Guest Author - Nicki Heskin
Attachment parenting (often known as AP) has received a lot of attention in the wake of May 2012 article in Time Magazine, which featured a controversial cover shot of a 4-year old breastfeeding. Lots of people have seen the cover, but many less have read the articles in the magazine related to attachment parenting, leaving the impression that AP is simply extended breastfeeding, which is untrue.
Some of the practices often associated with attachment parenting include breastfeeding, including extended breastfeeding (beyond one year), babywearing, positive discipline, co-sleeping or bedsharing, focus on bonding, and balance in family life. AP parents are often thought to represent many “natural” and “sustainable” practices like natural birth, cloth diapering, anti-consumerism, organic and homegrown foods and others, but these are hardly “requirements” of any particular AP family and some AP families represent none of these. At its core, AP is about being responsive to the needs of your child, while also being in tune with the needs of the family as a whole.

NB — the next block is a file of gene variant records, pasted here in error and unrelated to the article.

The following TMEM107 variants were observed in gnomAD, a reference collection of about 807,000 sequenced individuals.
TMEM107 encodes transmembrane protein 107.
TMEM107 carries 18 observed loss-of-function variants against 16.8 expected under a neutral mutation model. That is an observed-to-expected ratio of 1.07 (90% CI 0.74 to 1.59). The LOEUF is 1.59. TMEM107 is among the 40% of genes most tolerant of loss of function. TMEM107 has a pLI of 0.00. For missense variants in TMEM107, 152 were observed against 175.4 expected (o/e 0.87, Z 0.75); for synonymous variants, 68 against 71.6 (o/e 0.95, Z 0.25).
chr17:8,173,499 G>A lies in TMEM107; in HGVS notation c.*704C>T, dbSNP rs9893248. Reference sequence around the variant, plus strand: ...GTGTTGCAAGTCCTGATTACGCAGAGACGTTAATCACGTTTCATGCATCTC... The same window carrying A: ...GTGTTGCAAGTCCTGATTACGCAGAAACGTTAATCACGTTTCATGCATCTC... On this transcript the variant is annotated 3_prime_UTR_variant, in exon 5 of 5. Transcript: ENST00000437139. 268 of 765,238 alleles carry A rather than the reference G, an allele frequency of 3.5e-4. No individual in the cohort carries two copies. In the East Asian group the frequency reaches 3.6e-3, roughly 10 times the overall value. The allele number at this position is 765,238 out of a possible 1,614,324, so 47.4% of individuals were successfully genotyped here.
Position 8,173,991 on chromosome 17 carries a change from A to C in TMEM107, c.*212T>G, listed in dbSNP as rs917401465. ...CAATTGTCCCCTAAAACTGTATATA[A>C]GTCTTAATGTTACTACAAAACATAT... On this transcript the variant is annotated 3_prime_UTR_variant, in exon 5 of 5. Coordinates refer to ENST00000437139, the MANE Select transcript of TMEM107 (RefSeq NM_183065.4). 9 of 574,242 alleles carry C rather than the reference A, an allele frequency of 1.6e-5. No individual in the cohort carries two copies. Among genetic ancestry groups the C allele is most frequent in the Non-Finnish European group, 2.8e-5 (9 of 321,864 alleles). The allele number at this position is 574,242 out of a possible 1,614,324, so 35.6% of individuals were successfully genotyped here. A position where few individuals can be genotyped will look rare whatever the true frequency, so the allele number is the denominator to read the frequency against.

Breastfeeding is an important part of attachment parenting, though there are plenty of AP parents who didn’t or don’t breastfeed. What makes breastfeeding significant to AP is that it is often the first AP practice for many parents. In my article “Breastfeeding and Conscious Parenting,” I discuss how breastfeeding is a sort of “gateway drug” to parenting in a child-centered manner.
In particular, breastfeeding is often associated with co-sleeping (co-sleeping safely while breastfeeding is a great way to increase sleep when children as still nursing through the night). The bonding is also built in! As such, breastfeeding mothers are often practicing attachment parenting before they may have even heard the term.
Not breastfeeding does not preclude being an “attachment parent.” Just as any other aspect of attachment parenting might be practiced or not by a particular family, it is the core principals of AP that outlive any particular choice. Eventually we are all done with breastfeeding – be it from the start, or years after birth. As our children age, it is the lessons from breastfeeding – meeting needs on-cue, recognizing children’s signals, finding balance, confidence in our ability to nourish our children (figuratively as well as literally) that remains. Parents who don’t breastfeed, or who don’t breastfeed for long may take a different path to this philosophy, but this path is no less valid. It is important for breastfeeding mothers, who often come to feel passionate about breastfeeding, that nursing is not a “membership card” to AP.
As a parent who identifies as AP, breastfeeding was certainly an important part of my personal journey. For those wanting to further explore the principles of attachment parenting, or wants to pass along the principles of AP to a pregnant friend, consider these two excellent resources: